Incident cognitive impairment: longitudinal changes in molecular, structural, and cognitive biomarkers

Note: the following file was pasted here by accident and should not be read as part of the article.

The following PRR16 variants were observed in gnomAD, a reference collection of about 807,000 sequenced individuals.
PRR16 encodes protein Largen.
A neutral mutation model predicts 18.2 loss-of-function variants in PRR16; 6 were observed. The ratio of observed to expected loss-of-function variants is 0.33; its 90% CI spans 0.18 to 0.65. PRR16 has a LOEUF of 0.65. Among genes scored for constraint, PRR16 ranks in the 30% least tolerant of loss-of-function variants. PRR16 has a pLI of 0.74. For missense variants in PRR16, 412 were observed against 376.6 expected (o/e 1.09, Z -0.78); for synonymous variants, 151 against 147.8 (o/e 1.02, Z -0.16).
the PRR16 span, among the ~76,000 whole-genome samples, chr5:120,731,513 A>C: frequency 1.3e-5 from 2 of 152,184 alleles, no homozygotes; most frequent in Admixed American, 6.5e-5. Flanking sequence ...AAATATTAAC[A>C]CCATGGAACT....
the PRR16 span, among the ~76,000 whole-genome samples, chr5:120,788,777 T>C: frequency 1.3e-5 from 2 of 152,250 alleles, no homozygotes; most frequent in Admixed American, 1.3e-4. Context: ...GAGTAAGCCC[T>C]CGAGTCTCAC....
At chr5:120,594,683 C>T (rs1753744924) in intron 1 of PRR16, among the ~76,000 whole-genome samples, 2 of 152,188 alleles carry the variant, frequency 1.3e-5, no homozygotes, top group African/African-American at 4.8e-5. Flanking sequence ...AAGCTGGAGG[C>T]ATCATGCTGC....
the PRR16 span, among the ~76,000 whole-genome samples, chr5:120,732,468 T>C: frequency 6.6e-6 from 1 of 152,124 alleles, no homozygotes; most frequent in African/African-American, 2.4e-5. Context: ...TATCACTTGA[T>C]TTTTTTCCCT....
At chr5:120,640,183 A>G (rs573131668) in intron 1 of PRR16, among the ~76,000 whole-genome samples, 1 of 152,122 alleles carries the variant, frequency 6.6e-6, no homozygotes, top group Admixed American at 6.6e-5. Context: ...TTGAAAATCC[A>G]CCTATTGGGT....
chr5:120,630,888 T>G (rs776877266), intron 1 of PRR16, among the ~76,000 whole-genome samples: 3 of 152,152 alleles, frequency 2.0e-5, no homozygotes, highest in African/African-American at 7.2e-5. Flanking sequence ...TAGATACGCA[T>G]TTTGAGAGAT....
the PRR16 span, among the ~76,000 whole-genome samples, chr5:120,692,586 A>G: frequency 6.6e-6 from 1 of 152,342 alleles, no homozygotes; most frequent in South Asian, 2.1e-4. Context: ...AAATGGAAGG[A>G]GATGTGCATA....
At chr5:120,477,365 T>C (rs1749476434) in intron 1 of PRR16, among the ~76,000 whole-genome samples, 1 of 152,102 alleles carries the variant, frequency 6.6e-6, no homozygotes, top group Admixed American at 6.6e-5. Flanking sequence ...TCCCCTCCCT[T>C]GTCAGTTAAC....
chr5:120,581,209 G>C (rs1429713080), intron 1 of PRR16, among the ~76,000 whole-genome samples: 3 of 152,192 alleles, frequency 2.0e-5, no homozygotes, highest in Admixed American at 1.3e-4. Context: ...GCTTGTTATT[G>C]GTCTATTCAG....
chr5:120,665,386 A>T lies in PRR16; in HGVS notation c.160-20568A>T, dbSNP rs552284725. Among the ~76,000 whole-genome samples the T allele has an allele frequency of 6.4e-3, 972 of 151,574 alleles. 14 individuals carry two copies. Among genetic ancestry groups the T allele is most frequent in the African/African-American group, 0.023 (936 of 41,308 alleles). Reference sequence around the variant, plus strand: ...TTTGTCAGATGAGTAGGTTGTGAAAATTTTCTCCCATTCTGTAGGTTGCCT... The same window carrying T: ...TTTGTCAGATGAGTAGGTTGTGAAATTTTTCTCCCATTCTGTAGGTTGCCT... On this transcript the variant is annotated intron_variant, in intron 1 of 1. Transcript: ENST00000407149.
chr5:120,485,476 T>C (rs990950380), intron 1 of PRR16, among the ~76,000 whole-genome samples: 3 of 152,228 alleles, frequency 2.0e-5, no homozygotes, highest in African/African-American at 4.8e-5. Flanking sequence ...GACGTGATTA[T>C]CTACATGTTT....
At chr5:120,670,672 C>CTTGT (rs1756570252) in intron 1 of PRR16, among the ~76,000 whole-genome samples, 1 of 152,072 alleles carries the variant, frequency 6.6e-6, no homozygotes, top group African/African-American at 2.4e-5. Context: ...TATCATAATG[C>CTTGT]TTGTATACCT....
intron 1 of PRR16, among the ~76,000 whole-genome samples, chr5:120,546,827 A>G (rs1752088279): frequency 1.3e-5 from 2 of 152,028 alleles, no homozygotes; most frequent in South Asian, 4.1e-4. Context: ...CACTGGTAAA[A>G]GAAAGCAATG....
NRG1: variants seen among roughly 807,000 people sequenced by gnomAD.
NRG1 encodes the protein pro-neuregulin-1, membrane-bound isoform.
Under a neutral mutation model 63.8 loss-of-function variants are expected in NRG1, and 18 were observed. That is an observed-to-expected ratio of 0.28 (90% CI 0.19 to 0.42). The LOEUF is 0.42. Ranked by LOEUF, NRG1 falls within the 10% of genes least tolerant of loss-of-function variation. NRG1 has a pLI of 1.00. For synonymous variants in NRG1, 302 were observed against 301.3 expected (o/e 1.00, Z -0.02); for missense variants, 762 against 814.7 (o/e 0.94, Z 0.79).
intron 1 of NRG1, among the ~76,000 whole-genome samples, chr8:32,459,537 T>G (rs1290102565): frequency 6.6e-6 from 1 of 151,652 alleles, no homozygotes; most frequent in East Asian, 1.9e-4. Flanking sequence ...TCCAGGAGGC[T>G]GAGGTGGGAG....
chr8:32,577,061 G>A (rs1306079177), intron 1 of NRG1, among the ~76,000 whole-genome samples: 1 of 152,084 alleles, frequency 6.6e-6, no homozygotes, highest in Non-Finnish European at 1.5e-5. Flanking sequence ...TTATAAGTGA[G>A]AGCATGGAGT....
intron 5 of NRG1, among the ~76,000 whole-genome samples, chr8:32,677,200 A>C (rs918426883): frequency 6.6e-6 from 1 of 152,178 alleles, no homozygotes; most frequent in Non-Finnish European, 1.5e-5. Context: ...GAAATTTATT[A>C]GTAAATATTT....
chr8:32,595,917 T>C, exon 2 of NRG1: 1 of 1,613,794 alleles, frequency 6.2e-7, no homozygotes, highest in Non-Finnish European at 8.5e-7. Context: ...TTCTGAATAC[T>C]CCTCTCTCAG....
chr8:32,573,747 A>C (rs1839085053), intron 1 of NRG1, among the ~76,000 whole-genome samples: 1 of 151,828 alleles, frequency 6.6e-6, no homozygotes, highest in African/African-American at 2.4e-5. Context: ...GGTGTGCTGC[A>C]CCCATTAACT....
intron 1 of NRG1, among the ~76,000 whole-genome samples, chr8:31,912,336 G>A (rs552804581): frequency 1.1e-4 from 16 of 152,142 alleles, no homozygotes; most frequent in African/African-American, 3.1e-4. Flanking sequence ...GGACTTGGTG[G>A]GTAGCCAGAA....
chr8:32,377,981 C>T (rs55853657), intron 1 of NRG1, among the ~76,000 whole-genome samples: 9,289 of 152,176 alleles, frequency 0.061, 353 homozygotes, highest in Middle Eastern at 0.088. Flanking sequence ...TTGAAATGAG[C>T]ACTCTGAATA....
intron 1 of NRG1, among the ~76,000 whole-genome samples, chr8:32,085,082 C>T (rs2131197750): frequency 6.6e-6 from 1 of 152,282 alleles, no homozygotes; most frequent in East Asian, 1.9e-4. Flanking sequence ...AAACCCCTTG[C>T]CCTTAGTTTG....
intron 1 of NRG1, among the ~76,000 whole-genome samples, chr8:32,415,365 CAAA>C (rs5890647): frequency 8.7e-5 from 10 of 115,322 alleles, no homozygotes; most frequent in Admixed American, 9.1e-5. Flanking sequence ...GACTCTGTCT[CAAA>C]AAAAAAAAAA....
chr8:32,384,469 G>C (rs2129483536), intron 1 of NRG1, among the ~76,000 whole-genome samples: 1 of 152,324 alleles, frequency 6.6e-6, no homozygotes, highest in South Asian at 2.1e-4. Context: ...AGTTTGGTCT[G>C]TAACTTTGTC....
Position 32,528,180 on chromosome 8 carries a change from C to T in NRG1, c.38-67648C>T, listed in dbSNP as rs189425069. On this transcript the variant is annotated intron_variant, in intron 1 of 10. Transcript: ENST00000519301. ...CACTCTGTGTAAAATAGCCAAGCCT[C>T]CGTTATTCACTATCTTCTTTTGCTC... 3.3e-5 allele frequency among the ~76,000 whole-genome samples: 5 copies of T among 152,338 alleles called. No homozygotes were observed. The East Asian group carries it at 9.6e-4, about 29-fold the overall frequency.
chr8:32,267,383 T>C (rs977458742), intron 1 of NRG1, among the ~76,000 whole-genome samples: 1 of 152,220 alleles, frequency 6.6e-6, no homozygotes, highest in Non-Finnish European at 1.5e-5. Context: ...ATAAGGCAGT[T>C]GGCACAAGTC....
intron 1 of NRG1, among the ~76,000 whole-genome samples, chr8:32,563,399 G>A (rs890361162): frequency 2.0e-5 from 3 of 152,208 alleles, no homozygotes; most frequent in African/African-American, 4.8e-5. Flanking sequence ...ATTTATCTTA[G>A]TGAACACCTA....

When most people think about Alzheimer disease (AD), they think about what researchers call sporadic AD – it has a number of risk factors, but there is much to its onset that is random. While we have examined preclinical AD (the time before symptoms occur), we needed longer periods of time to examine how biomarker changes (seen in cerebrospinal fluid [CSF] and brain imaging) occur in those years before Alzheimer symptoms occur. In this paper, we looked at various biomarkers including CSF, brain imaging, structural brain changes, and cognition to see how they each change before and after the start of symptoms. We analyzed data from 664 individuals aged 42 to 90 years, who were followed up to nearly 17 years. Of those, 145 (21.8%) people developed symptoms of AD. Our findings suggest that the change from being cognitively normal (no memory problems) to having some dementia is characterized by not only the amount of molecular biomarkers in the brain, but also the rate of change of the amount of those biomarkers.

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